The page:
Next, take a couple of straight pins to determine eye placement, and use a pencil to mark the indentations. You’ll use a long needle and some embroidery floss (split into 2 or 3 strands) to embroider eyes onto the doll’s face. You’ll push the needle through the back or top of the head to come out in the eye area, embroider back and forth between the eyes until you’re happy with them, and then push the needle back out through the head to tie off the string. Those knots will be covered with either hair or a hat, so no one will see the Frankenstein stitching or weird sewn bits at all.

Use the same technique to create a mouth, but try to keep the facial expression neutral: I find that a couple of stitches to create a nearly horizontal mouth-line is ideal.

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The Doll’s Body

I find it helpful to create a paper pattern for body parts whenever I make a doll, and I’d recommend that technique to cut down on frustration for your own project. Place the head near a piece of paper so you can determine the size and shape of the body you’d like to make, and draw that out. You’ll cut two of those pieces and sew them wrong-side-together to create the torso, leaving a small gap open to tuck the stuffing into. Use the same technique for the arms and legs.

Once you’ve sewn these pieces together, stuff them with roving to fill them out. If you’re feeling ambitious, you can leave small gaps in the torso’s seam and then tuck the edges of the arms and legs into them to sew them closed, otherwise just sew the limbs on as best you can. Kids are pretty forgiving when it comes to seams and such, especially if their dolls will be clothed most of the time. When it comes to attaching the head to the body, it’s best to leave a gap for the neck part, and slip that into the torso. Secure with tiny hand stitches!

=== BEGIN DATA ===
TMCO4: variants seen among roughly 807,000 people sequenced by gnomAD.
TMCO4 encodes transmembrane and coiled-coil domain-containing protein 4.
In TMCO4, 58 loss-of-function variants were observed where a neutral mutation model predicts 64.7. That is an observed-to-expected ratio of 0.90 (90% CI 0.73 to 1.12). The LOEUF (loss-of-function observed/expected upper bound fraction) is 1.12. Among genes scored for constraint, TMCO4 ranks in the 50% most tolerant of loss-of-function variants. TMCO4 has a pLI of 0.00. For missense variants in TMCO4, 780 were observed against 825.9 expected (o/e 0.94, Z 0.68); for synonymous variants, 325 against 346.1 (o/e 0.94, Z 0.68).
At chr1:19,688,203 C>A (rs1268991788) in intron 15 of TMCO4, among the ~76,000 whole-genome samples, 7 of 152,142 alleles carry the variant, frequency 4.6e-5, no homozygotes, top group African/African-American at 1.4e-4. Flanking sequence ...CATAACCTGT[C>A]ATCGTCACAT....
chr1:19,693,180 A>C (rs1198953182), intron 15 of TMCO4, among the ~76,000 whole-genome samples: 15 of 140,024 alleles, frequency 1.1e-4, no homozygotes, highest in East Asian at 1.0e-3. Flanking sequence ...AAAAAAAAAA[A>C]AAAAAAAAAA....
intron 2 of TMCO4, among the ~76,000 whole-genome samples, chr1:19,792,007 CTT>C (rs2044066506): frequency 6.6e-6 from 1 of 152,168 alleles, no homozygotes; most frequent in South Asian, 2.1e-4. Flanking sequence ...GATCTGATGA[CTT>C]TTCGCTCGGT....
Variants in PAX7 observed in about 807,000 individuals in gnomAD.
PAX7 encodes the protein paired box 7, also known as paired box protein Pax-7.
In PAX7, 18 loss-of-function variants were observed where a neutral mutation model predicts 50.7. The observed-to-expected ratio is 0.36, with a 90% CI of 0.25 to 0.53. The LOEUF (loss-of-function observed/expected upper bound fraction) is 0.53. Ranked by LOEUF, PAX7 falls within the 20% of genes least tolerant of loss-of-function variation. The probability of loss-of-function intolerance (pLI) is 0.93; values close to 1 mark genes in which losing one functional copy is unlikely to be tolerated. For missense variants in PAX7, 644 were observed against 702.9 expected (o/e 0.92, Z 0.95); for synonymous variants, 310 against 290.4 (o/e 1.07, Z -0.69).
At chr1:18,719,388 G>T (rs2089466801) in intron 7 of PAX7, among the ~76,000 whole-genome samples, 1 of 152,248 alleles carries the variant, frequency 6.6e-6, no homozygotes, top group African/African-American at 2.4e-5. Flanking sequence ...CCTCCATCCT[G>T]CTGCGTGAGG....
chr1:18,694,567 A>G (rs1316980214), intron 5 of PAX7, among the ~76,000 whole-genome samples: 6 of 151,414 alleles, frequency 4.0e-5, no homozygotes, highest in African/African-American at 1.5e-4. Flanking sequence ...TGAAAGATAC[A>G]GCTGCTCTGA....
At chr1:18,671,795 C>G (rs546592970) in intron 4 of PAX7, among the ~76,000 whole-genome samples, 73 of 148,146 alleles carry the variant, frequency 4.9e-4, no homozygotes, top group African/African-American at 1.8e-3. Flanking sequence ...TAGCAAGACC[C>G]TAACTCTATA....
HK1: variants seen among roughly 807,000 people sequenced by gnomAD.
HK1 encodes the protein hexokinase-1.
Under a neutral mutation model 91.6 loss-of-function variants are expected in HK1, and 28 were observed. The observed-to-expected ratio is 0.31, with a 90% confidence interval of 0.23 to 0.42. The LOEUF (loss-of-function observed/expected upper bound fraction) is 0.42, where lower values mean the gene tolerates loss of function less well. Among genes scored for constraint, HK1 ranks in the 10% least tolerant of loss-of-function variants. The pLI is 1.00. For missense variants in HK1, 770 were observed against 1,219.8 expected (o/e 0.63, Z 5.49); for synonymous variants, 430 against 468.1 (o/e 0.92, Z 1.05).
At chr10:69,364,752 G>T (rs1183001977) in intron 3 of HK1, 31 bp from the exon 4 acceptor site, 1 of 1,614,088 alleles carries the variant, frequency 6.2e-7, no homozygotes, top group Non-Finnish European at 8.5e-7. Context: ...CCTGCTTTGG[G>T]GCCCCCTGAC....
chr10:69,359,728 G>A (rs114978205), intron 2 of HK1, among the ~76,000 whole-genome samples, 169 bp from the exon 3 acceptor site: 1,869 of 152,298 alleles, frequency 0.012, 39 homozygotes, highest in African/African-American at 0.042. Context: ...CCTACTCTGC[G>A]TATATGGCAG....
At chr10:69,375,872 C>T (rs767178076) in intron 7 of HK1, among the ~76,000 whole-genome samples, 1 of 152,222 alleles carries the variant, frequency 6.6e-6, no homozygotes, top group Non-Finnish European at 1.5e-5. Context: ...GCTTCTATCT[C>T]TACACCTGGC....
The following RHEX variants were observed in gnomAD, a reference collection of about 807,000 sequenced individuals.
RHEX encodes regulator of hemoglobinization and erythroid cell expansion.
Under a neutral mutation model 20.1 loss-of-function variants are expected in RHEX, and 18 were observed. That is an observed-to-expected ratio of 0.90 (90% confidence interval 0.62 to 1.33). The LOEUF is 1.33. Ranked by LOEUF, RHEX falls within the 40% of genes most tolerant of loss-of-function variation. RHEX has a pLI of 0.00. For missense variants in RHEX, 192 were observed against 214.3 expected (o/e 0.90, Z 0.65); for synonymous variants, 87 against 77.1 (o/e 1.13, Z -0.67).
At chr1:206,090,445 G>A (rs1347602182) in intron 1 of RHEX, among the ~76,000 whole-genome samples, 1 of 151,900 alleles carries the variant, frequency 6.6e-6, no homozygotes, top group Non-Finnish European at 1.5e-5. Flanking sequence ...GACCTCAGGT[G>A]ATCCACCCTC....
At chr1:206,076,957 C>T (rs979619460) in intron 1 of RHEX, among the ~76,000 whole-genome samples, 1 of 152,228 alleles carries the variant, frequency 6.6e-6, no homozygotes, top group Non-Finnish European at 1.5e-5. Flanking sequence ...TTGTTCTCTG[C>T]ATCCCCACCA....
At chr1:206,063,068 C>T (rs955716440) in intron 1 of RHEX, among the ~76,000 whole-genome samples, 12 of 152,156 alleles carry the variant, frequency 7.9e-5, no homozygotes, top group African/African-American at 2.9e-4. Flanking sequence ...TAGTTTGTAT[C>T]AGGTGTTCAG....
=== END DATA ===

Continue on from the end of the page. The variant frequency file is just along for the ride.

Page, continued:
Wool roving is generally used to stuff the dolls’ bodies because it is soft, it absorbs and reflects body heat to make the dolls even more cuddly, and it’s bacteria-resistant. I’d recommend that vegan families use bamboo roving or kapok stuffing instead of cotton or hemp for their dolls, as these are less likely to clump together over time the way the latter do. Some people also like to scent their roving with a bit of lavender, jasmine, or chamomile essential oil before stuffing their dolls, as the scent acts as gentle aromatherapy to calm and comfort their little ones.

I like to under-stuff dolls for babies and toddlers because that keeps them very soft and cuddly, while dolls for older children should be a bit heartier so they can withstand being tossed about a bit more.

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The Doll’s Hair

Remember that seam at the back of your doll’s head? Time to cover that up.

Some doll makers will cover baby dolls’ heads with caps, hoods, bonnets, or even mushroom cap tops, but hair is certainly an option (and looks far better on larger dolls as well). To create hair, you have to begin by crocheting a small cap for the doll’s head. If you’ve never crocheted before, creating a circular cap for the wig can be a bit tricky. You’ll crochet in the round to create a flat doily, which will then have varying lengths of yarn pulled through it to create the hair. If you’d like a step-by-step guide, I’d recommend checking out this photo set on Flickr.

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Finishing Touches

You’ll sew the finished crocheted cap onto the doll’s head using thread of a similar hue, and a backstitch. Once it’s secured, you’ll use your crochet hook to pull strands of yarn through the cap’s loops and knot them into place. Feel free to get creative with different colors and textures to create a really unique toy.

Once the doll is finished, you get to dress it! Some people use pre-made or purchased doll clothes, while others prefer to sew their own. Try to stick with natural fabrics like cotton, wool, bamboo, silk, and such, especially if they’re organic. Since the children will be cuddling, hugging, and possibly chewing on these dolls, it’s best to aim for materials that are as non-toxic as possible.

After you’ve finished, all you need to do is hand the doll over to a child to be hugged and loved.

All photos by Lana Winter